An employee injured off the job would like to return to work, but we’re concerned about her safety and her ability to do the job. How should we proceed? We’re a small employer and not subject to the Family and Medical Leave Act.
Answer from Aimee, GPHR, SHRM-SCP:
In your case, if you have a reasonable belief, based on objective evidence (such as her own description of the injury and what it will take to recover), that the employee’s ability to perform essential job functions will be impaired by the injury or that the employee will pose a direct threat due to a medical condition, you may consider requiring a doctor’s release prior to allowing the employee to return to work. Under the Americans with Disabilities Act, disability-related inquiries or medical examinations may only be made when they are “job-related and consistent with business necessity.” It’s important to ensure that you’re considering the specific job the employee has. For example, where an employee has a safety sensitive role or one that requires physical labor, there would typically be more justification in requesting a doctor’s release than where the employee sits at a desk for the entire day.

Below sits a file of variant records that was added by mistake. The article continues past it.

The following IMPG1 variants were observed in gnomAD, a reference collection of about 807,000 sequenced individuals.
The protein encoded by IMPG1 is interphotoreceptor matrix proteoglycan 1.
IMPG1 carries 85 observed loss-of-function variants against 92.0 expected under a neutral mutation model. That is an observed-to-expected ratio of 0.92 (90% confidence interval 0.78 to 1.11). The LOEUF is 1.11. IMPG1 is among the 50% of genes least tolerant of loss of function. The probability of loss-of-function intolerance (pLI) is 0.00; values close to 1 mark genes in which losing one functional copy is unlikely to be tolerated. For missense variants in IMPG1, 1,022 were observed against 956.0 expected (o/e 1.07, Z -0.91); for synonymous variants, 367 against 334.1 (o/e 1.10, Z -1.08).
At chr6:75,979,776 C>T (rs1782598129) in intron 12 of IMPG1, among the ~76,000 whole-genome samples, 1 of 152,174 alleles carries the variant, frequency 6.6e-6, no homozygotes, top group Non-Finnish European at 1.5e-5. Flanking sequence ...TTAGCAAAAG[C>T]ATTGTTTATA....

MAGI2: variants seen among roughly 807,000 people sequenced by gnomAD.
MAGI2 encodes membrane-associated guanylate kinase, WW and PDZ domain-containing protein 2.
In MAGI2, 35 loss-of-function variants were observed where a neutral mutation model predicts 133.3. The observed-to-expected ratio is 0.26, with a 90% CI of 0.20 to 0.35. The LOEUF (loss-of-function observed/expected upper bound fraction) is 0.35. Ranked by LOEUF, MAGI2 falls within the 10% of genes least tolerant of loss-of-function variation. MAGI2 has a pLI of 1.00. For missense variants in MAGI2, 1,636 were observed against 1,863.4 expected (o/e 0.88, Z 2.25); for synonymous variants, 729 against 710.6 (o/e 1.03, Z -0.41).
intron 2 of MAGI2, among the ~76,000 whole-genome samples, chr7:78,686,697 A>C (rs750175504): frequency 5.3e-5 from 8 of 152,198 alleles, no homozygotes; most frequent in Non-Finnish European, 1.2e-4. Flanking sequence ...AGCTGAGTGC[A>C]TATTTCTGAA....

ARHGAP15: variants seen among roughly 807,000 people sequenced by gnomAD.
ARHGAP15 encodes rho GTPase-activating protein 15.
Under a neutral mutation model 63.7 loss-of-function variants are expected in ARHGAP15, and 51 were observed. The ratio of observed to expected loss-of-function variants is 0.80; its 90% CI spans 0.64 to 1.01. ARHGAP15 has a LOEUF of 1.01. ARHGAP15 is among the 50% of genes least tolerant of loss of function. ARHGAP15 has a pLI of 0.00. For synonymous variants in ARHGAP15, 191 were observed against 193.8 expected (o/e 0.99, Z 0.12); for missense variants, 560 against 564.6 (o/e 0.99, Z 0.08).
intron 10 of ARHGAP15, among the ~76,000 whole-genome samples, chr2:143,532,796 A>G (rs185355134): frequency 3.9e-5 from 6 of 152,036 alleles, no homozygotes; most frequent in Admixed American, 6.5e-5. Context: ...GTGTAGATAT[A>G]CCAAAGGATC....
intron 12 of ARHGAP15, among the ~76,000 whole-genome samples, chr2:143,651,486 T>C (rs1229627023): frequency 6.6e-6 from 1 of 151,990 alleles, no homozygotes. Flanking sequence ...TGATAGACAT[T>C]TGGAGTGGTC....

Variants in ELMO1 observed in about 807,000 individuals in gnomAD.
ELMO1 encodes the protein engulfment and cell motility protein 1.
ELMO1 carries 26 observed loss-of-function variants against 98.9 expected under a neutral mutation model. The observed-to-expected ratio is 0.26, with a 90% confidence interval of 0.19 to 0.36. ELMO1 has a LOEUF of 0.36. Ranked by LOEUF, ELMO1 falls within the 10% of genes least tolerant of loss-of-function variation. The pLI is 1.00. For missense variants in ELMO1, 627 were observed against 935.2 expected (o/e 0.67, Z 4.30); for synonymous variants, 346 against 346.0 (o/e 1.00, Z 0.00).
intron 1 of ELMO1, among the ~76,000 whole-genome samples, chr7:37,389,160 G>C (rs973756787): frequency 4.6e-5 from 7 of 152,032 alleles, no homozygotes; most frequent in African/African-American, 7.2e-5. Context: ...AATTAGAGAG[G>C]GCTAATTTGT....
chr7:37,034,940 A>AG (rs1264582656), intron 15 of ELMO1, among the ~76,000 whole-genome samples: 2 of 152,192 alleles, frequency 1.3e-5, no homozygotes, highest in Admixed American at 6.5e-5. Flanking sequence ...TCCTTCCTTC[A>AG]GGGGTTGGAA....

If you’ve determined that legitimate concerns about the employee’s ability to do her job exist, I would recommend that you let her know that you will need a doctor’s release for her to come back to work. You can explain your concerns about her ability to do the job and the potential for additional harm caused by her returning to work too soon.
Aimee is a recognized leader in the field of Human Resources. Aimee was previously the Global Director for the Board of Directors of the local chapter of the Society for Human Resource Management. Previously, she was the HR Director and Global HR and Organizational Effectiveness Adviser for an international humanitarian relief and development organization, and worked as an HR consultant to small and mid-sized companies.
Vital Signs Insurance Services, Inc.
PO Box 6360
Folsom, CA 95630
Phone: (916) 496-8750
Fax: (916) 496-8754
Legal Disclaimer: The HR Support Center is not engaged in the practice of law. The content in this article should not be construed as legal advice, and does not create an attorney-client relationship. If you have legal questions concerning your situation or the information you have obtained, you should consult with a licensed attorney. The HR Support Center cannot be held legally accountable for actions related to its receipt.